By MELANIE MASON
Nov. 14–For the 38 members of the 165th Basic Academy class of the Oakland police department, today’s graduation ceremony was the culmination of 26 weeks of what class valedictorian Officer Mark Douglas called “sweat and muscle and jungle work.” Jungle work was a catch-all term, a composite of the indignities and triumphs that marked their journeys to become Oakland police officers. Sitting in their on-stage seats in the auditorium of the Elihu Harris State Building, Douglas’ classmates echoed his rallying cry.
But just as today was a day of their own personal achievements, so too was it a landmark moment for the city of Oakland. By bringing these graduates into the ranks, the city now has a police force of 837 officers, a size that surpasses the requirement of 803 officers mandated by Measure Y, a police expansion measure approved by Oakland voters in 2004.
“We have now met the test and responsibility of Measure Y,” said Mayor Ron Dellums. “That’s an extraordinary thing.”
Measure Y costs Oakland taxpayers nearly $20 million a year in parcel taxes and increased parking surcharges. But the intent of Measure Y, to increase the size of the police force and specifically, to fully staff each of the 57 community policing beats with one problem solving officer, has taken years to be fulfilled.
In Dellums’ “State of the City” address on January 14, he pledged to honor the 2004 voters’ will as expressed in Measure Y. This year saw an increase in recruitment efforts in order to cross that 803 officer threshold.
“Today is a historical day,” Dellums said during the ceremony. “This is not magic that brought us to this moment. It was sweat, tears and very hard work.”
The ceremony began with the inspection of the class by Dellums and Chief of Police Wayne Tucker, followed by the distribution of badges that marked the new officers’ promotion into the ranks of the police department. The new officers then took the oath of office, prompting cheers and applause from the audience.
Tucker praised the graduates for completing “the most rigorous rookie academy in the state.” He later noted that the work does not stop now that academy has been completed. “Many of them start work at 8 AM tomorrow morning,” he said.
One of those new officers is Tim Gougeon, 24, a former mortgage banker from Michigan. Gougeon said he came out west to see California and decided to be become a police officer “to do something [he] hadn’t done before.” Academy was tough, he said, with intense physical challenges and 12 hour days that seemed to last an eternity. Now a graduate, he said he’s looking forward to 16 weeks of training in the field.
Gougeon, like his fellow graduates, spent his time after the ceremony taking pictures and sharing congratulations. Punch was served, cake was eaten and multiple-generation families proudly fussed over the newly-minted officers.
But even amid the celebration, city and police officials warned that the staffing goals reached today may only be temporary. In a city strapped for cash, Dellums estimated Oakland would have the funds to maintain current levels of police staffing until summer 2009. Dellums proposed postponing the next academy to save money. But, he said, “There comes a point where the money goes away.”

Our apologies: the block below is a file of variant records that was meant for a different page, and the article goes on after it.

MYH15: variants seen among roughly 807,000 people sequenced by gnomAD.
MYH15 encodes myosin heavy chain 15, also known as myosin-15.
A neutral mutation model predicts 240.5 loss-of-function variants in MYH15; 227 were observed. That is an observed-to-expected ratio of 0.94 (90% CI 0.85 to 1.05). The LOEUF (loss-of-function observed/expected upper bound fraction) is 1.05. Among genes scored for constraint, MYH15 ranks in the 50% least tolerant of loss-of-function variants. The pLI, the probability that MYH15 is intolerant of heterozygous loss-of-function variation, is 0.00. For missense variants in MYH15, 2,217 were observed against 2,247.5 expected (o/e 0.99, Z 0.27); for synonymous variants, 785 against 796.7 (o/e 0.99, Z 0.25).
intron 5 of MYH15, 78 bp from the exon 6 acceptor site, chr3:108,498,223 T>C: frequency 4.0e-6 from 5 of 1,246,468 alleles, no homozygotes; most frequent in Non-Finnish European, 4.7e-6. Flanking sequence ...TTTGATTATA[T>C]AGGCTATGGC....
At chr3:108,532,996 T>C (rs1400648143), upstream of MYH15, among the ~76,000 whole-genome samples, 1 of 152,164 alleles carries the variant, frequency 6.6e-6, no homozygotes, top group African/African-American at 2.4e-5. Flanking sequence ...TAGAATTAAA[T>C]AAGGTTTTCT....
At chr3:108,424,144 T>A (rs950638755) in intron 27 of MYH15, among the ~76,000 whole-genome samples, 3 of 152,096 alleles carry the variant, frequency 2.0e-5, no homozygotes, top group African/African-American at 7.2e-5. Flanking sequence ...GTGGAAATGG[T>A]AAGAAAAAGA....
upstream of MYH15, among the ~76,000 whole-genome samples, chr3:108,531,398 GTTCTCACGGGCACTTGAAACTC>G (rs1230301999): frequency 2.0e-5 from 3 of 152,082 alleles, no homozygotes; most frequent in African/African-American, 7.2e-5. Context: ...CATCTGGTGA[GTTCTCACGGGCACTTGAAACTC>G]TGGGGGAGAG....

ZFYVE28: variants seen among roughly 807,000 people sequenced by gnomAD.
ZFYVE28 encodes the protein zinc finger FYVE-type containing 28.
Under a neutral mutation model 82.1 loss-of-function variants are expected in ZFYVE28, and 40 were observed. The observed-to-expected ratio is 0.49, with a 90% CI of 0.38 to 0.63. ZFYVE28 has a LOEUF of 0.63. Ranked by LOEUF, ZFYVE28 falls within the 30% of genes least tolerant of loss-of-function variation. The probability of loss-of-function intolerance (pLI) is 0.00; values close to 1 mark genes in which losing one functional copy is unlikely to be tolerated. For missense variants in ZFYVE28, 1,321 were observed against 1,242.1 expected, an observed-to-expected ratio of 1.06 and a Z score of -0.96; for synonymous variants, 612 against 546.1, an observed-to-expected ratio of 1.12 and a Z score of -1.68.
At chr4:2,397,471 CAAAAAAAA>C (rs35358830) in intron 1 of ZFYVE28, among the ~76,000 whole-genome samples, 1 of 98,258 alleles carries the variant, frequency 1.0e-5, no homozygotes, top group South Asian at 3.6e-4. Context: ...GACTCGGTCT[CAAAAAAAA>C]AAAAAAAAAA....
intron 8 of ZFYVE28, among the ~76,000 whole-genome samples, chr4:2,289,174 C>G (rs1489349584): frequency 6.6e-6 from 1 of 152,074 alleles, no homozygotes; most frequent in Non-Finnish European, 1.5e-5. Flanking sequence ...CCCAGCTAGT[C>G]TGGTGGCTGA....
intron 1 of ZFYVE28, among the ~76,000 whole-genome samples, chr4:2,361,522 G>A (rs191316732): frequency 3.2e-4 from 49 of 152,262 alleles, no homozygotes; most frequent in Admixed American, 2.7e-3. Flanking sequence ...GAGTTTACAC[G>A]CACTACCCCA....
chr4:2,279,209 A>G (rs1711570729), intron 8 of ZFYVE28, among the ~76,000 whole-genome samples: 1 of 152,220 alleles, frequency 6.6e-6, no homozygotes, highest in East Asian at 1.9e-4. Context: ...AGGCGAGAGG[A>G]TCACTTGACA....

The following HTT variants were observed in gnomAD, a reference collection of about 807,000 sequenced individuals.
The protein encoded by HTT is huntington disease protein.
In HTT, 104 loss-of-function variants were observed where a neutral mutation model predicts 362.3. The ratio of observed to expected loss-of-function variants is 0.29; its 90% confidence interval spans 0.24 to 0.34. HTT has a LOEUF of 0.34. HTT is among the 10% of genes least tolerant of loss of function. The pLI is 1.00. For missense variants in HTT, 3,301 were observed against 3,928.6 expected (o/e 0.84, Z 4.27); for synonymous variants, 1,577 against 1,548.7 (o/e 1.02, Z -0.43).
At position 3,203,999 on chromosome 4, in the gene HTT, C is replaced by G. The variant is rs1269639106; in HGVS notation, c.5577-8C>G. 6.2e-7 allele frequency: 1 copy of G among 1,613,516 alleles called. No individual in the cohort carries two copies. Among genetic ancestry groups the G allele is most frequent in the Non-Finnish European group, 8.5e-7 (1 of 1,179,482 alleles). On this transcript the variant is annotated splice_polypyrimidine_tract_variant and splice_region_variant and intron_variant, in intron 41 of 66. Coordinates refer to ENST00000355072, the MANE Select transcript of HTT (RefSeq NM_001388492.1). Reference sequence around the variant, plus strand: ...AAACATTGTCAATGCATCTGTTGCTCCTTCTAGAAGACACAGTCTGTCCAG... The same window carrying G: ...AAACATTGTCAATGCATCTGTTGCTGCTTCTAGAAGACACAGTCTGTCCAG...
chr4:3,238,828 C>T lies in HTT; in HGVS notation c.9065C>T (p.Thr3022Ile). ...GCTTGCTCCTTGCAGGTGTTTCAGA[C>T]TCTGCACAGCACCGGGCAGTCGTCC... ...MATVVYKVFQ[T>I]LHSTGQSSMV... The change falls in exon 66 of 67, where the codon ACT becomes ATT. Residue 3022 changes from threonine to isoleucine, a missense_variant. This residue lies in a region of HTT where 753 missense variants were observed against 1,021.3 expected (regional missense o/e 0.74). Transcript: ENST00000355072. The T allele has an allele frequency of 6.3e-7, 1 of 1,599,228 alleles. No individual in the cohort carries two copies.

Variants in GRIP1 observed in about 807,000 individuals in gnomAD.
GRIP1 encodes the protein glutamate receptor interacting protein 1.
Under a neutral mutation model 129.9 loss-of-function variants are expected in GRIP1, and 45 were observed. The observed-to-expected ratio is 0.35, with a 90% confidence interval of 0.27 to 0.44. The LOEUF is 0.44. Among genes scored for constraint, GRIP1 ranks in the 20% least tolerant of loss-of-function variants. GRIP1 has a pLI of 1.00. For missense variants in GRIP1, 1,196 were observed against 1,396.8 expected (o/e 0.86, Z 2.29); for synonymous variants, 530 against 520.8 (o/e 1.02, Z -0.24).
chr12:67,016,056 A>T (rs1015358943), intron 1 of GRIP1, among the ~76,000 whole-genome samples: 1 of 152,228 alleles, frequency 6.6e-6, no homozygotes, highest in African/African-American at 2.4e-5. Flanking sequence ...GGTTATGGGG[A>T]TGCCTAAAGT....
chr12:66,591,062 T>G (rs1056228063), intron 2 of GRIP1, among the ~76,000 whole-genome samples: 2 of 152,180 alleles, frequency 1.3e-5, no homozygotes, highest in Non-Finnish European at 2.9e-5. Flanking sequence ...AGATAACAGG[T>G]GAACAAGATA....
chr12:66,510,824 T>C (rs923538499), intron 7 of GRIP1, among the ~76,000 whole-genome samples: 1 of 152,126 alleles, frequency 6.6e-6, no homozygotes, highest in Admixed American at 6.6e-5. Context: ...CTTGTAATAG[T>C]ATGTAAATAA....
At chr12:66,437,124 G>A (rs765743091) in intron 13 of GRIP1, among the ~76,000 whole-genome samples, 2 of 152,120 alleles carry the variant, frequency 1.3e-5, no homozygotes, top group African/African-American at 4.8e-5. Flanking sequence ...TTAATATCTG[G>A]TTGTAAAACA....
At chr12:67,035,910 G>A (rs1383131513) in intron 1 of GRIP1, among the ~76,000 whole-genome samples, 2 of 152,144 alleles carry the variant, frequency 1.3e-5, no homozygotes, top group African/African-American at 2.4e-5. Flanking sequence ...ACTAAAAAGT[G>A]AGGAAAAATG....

Dellums said this financial strain was the reason he advocated Measure NN, a ballot initiative that would have imposed a parcel tax to expand the police force. On Nov. 4, the measure received 54% approval from Oakland voters but failed to reach the 2/3 vote required to pass.
“It takes a simple majority to go to war, but you need 2/3 of the vote to tax people,” Dellums said. “Are these supermajorities really consistent with the concept of democracy?”
Dellums said he believed the message of the importance of NN was not made clear enough to Oakland voters. He said he would consider coming back to the public with Measure NN in a special election.
Charles Pine, an Allendale resident and director of the community group Oakland Residents for Peaceful Neighborhoods, opposed Measure NN in part, he said, because of the city’s delay in implementing the staff levels mandated by Measure Y. His organization’s web site has been running a daily tally of days OPD has failed to reach the threshold of 803 officers. After today’s graduation, Pine says he will freeze that tally, but he is still wary of OPD’s ability to maintain sufficient staffing levels.
“It’s better late than never,” said Pine. “But let’s remember the performance record.” Pine said that despite the increasing ranks of the police department, crime remains a major concern in the city; he cited the recent string of daytime burglaries in Montclair as an example.
Dellums said recent efforts by OPD have made a difference. “If you look objectively at all the data gathered about public safety, crime is down. The strategy is beginning to work,” he said. “Look over the last few weeks, you get the sense that something is starting to happen in Oakland. I cross my fingers that it remains.”
Dellums said he was looking to this new generation of police officers to help make Oakland a model city. Tucker echoed those sentiments, urging the new graduates to make a long-time commitment to the force. “This is a cradle to grave operation for us,” he said.
Gougeon is one new police officer planning to stay in the force for a long time. “I’ve had jobs all my life,” he said. “This is the first time I’ve had a career.”